One afternoon, for no known reason, Mork attacked his groomer and then ran amok in the dog spa. At the end of his rampage, Mork had torn up the waiting lounge, bit the ankle of a patron, and scratched a girl very close to the eye. Total damage (including medical expenses): $4,700. Legal expenses: TBA.
Jolie had, unfortunately, let her homeowners policy lapse. The final bill — legal expenses included — came out to $15,000. Jolie was liable for every penny.
Never let your home insurance lapse, because if you do, you won’t have liability coverage to protect your wallet against the freak damage you (or your loved ones) cause to others or their property.
The amount of liability coverage you take out should be in the $300,000 to $500,000 range. This will also defray legal fees and medical expenses to others. (You can choose the cap on medical expenses, but between $1,000-$2,000 is standard.)
FYI: Personal liability casts a pretty wide net in terms of coverage, but a key element in the definition is “accidental damage.” In other words, if you get mad at your neighbor and key his brand new Tesla, don’t expect a claims payout to cover the repairs. You’re on your own there.
Every home insurance story can have a happy ending if you go in with your eyes open. (A little help from experts never hurts either.) Our original question was: How much homeowners coverage do I need? Here’s what we discovered.
Dwelling coverage isn’t the value of your home; it’s how much money it will cost to rebuild it. Because that amount is bound to go up in the future, you should consider padding your dwelling coverage with replacement cost coverage (to meet higher building costs) and building ordinance coverage (in case you need to rebuild to code). Inflation protection, which adjusts automatically, never hurts either.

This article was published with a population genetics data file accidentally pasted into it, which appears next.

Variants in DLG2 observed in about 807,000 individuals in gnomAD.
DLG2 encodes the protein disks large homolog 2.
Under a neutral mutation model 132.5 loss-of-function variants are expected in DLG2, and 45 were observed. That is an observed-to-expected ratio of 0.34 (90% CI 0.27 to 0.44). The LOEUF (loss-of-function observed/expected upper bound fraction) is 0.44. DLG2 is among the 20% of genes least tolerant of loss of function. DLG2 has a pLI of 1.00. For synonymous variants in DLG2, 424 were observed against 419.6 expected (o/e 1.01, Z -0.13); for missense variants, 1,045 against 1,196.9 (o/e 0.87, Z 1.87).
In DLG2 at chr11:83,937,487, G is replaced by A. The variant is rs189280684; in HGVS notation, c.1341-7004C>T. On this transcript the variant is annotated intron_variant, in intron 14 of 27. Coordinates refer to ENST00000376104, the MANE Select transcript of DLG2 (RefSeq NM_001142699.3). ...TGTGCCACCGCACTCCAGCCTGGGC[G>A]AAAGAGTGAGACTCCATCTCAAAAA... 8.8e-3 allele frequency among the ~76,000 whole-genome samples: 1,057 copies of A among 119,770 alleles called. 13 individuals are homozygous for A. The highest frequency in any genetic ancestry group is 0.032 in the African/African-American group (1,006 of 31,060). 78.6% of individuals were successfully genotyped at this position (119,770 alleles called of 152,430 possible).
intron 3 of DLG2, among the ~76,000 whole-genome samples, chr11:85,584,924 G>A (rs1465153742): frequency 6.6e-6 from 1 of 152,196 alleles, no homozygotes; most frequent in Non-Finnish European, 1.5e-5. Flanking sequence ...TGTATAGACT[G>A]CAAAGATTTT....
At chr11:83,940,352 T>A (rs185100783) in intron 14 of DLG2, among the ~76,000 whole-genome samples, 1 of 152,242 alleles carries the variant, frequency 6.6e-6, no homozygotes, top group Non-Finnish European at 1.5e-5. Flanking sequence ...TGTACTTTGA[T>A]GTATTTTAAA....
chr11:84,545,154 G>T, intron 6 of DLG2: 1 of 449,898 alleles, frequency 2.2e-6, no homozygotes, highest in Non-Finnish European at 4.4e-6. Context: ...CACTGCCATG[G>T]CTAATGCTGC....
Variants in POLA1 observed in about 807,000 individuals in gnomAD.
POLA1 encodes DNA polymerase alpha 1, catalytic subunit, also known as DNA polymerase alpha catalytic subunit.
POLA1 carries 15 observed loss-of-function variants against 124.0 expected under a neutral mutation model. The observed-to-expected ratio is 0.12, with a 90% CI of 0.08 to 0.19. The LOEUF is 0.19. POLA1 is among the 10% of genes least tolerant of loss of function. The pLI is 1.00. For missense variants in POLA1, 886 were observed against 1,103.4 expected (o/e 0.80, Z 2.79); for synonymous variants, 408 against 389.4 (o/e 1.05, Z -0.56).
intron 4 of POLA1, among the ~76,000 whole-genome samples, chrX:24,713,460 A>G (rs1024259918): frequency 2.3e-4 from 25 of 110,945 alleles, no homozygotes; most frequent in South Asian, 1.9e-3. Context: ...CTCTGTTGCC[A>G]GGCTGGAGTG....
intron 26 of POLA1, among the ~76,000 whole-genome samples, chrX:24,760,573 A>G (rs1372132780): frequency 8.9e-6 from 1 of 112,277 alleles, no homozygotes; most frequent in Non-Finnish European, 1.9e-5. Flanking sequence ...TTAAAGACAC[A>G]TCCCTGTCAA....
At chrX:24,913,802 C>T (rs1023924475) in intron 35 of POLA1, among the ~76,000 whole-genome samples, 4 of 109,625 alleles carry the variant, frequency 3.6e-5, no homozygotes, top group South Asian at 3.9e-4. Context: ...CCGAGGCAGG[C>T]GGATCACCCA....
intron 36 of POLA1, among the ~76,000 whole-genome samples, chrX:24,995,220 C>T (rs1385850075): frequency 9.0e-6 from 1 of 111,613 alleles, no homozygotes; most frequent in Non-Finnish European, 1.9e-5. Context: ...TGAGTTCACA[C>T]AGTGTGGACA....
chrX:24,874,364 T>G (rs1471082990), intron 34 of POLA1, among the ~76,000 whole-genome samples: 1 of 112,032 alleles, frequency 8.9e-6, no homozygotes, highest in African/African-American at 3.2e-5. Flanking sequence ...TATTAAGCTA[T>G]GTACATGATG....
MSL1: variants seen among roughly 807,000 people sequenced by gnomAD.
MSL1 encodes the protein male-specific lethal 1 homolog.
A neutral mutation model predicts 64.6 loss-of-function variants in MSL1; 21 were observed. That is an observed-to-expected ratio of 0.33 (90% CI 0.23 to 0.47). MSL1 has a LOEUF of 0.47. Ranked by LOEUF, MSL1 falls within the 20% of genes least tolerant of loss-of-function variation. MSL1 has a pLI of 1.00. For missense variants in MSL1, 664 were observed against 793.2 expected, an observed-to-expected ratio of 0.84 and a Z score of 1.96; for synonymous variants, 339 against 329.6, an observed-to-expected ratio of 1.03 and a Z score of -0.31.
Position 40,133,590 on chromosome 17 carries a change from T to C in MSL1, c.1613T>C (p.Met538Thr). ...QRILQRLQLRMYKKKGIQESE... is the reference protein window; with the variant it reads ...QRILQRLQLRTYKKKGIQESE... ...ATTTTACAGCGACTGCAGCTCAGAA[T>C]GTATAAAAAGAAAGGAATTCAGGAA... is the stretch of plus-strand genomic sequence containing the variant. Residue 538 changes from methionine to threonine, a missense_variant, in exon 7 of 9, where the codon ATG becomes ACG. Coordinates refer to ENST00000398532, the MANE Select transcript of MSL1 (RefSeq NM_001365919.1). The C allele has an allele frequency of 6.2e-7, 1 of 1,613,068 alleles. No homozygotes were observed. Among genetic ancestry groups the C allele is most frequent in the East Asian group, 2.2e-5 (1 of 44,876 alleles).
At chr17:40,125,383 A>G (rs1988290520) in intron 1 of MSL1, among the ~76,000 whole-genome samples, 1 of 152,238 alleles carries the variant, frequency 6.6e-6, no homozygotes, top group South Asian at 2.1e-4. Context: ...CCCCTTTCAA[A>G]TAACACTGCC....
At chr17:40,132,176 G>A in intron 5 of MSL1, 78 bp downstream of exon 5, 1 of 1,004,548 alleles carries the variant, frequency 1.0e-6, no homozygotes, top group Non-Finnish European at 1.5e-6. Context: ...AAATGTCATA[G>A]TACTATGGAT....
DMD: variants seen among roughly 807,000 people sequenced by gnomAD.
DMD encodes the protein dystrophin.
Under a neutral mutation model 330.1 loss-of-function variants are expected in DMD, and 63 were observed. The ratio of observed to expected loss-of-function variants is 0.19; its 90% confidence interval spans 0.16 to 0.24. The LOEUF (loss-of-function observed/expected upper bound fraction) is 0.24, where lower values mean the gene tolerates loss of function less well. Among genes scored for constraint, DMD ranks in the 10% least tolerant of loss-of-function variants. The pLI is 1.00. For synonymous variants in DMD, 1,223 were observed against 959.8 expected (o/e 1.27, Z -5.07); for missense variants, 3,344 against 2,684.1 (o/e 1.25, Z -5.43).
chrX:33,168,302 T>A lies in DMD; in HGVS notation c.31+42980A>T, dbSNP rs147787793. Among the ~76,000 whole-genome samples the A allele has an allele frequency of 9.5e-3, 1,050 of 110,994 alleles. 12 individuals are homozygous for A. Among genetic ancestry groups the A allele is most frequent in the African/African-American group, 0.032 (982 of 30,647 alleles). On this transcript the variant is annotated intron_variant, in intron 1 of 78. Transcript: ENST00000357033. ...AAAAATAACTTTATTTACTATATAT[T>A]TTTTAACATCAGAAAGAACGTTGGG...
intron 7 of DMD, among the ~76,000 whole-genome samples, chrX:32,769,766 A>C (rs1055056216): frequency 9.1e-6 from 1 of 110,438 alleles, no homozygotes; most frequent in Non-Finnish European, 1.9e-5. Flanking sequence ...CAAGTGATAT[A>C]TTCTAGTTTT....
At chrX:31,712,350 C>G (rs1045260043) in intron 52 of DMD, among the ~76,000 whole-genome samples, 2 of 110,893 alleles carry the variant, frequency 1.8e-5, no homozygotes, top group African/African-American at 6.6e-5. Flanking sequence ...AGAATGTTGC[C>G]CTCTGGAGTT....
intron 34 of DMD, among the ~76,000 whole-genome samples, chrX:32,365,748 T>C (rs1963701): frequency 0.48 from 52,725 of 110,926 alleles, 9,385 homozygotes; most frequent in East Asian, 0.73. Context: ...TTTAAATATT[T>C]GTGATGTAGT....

Personal possessions coverage comes in two forms: actual cost value and replacement cost value. For full protection, I recommend RCV coverage, so you can buy your stuff back new, not off eBay. Either way you go, always document your possessions with photos and receipts.
Additional living expenses coverage is there to help you get back on your feet, not to live it up. And, finally, never let your home insurance policy lapse, even if it’s only to keep your personal liability insurance. This would cover an angry dog as much as it would the mailman who slips on the ice out front.
Did You Know: You can only stretch personal liability insurance so far. If you have a swimming pool and a house full of kids (who throw pool parties) or employ a housekeeper or gardener, you might consider an umbrella insurance. This policy covers you in the event of a catastrophic accident that would easily sap your HO-3 coverage.
It really depends on the age and value of your home. But generally speaking, adding an extra cushion to your dwelling coverage limit is a good idea because building costs almost always go up.
20 to 50 percent of your dwelling coverage is standard.
HO-3 home insurance policies never cover floods that originate outside of your home. A burst pipe is another story. Most home insurance plans will cover sudden plumbing accidents.
Actual cash value coverage will pay you the depreciated value of your possessions, while replacement cost value coverage will pay you the current market value.
Building ordinance coverage gives you extra money (usually 10 percent of your dwelling coverage) to rebuild your home to code.
Most experts recommend between $300,000 and $500,000. The default is $100,000. Here are three cases where you’d consider the higher end of that spectrum: 1) You’ve got a pet that’s been known to take the occasional bite out of an ankle or thigh; 2) You’ve got very high-strung kids prone to damaging property and/or injuring other people; 3) You employ household helpers like a gardener, nanny, or housekeeper.